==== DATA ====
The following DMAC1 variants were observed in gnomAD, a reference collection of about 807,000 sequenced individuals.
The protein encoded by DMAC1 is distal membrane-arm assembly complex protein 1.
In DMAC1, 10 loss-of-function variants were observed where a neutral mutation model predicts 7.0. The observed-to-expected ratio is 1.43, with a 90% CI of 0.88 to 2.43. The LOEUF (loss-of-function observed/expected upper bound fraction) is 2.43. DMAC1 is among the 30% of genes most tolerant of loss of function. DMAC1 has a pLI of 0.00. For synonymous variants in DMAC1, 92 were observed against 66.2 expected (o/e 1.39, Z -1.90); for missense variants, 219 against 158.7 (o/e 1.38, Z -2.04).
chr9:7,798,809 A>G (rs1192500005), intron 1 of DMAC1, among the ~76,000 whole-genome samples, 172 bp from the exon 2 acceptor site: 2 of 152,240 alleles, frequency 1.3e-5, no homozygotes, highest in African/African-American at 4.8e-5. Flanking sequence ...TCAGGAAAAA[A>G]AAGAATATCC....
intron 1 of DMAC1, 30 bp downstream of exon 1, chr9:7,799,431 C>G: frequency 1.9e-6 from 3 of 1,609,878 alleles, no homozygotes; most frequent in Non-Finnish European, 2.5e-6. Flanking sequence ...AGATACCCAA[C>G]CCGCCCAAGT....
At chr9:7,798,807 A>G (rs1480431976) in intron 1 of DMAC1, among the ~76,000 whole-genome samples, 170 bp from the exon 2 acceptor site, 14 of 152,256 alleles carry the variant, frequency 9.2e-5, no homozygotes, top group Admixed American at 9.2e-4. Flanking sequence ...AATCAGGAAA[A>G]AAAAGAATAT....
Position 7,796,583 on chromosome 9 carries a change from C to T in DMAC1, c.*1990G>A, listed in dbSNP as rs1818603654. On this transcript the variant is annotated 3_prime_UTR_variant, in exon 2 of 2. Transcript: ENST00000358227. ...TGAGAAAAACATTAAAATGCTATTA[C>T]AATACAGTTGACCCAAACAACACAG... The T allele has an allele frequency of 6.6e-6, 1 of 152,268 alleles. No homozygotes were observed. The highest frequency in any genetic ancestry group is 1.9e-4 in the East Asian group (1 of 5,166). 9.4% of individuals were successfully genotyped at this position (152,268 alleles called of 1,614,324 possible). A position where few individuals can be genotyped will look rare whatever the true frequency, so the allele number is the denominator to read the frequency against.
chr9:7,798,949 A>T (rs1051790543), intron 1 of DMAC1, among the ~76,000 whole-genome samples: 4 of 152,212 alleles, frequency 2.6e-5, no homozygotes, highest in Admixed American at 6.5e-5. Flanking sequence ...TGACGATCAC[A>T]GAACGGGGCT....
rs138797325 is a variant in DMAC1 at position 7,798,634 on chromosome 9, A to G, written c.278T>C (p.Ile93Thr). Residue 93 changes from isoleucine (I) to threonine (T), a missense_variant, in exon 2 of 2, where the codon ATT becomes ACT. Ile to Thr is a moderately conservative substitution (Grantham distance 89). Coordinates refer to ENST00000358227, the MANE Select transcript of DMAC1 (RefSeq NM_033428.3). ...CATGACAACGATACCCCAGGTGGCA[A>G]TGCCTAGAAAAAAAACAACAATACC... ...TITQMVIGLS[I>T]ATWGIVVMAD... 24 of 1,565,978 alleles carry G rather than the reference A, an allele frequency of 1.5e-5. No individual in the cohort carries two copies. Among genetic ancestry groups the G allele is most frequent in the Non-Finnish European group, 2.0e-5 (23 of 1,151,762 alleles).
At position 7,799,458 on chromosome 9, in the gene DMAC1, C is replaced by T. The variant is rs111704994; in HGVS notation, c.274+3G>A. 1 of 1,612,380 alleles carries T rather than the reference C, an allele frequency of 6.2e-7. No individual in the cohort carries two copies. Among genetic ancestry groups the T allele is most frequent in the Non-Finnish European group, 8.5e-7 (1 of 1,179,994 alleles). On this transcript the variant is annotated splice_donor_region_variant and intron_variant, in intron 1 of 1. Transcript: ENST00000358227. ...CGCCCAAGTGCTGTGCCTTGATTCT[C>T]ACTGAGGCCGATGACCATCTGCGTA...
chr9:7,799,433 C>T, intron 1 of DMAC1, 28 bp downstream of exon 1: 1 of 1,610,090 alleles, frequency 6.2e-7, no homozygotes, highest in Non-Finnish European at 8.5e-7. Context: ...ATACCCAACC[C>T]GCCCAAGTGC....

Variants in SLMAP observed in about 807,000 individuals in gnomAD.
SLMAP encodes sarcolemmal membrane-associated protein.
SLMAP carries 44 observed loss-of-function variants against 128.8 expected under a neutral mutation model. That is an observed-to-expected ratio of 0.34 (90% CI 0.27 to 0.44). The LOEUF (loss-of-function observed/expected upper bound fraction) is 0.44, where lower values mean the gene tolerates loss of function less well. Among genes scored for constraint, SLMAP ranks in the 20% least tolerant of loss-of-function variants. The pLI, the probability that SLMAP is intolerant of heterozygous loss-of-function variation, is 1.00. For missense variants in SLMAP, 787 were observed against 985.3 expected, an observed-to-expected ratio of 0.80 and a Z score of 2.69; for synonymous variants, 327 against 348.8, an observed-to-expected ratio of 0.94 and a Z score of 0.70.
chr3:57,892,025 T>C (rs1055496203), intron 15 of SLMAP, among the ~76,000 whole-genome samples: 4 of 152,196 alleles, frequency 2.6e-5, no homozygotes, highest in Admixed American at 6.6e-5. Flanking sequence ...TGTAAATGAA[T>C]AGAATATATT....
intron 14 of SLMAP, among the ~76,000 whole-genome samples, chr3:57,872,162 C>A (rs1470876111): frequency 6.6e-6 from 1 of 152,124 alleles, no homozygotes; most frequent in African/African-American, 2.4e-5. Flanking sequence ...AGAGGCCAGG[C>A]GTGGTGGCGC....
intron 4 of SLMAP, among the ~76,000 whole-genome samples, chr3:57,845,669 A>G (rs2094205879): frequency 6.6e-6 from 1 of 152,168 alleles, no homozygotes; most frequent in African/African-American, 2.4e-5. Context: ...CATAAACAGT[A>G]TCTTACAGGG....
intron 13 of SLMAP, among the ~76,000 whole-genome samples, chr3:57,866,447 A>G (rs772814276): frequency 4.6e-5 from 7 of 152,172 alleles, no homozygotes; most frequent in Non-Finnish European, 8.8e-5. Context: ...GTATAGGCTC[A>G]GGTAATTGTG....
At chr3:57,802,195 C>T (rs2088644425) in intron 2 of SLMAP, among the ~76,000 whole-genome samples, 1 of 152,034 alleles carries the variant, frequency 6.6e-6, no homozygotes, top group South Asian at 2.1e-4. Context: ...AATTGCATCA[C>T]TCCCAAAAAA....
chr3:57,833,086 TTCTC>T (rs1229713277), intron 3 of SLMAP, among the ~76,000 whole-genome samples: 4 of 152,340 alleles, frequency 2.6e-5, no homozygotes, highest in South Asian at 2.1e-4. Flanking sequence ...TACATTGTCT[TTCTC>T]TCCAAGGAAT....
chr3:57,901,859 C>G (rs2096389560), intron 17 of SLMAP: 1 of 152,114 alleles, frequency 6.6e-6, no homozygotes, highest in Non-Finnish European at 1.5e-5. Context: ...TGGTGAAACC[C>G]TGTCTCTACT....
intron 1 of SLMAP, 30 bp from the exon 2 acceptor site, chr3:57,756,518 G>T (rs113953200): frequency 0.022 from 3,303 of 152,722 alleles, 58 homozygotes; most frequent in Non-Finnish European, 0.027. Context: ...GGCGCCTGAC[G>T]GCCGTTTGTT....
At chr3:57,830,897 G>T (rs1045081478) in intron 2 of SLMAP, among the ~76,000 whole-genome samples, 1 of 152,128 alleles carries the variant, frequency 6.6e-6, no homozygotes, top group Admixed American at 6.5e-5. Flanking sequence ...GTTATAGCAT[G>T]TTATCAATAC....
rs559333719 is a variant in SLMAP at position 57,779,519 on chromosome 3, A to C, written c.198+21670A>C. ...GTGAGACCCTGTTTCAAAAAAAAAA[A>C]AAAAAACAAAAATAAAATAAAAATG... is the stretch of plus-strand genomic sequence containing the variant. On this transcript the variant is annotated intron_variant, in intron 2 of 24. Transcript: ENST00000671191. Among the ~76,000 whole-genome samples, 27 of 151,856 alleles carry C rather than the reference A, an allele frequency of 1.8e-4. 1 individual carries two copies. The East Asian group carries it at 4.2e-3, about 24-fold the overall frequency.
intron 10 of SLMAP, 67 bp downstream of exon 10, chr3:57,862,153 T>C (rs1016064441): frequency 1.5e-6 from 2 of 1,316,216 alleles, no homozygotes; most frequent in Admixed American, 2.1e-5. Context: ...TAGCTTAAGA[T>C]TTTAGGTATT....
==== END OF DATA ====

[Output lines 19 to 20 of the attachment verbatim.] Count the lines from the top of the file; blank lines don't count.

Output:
At chr3:57,802,195 C>T (rs2088644425) in intron 2 of SLMAP, among the ~76,000 whole-genome samples, 1 of 152,034 alleles carries the variant, frequency 6.6e-6, no homozygotes, top group South Asian at 2.1e-4. Context: ...AATTGCATCA[C>T]TCCCAAAAAA....
chr3:57,833,086 TTCTC>T (rs1229713277), intron 3 of SLMAP, among the ~76,000 whole-genome samples: 4 of 152,340 alleles, frequency 2.6e-5, no homozygotes, highest in South Asian at 2.1e-4. Flanking sequence ...TACATTGTCT[TTCTC>T]TCCAAGGAAT....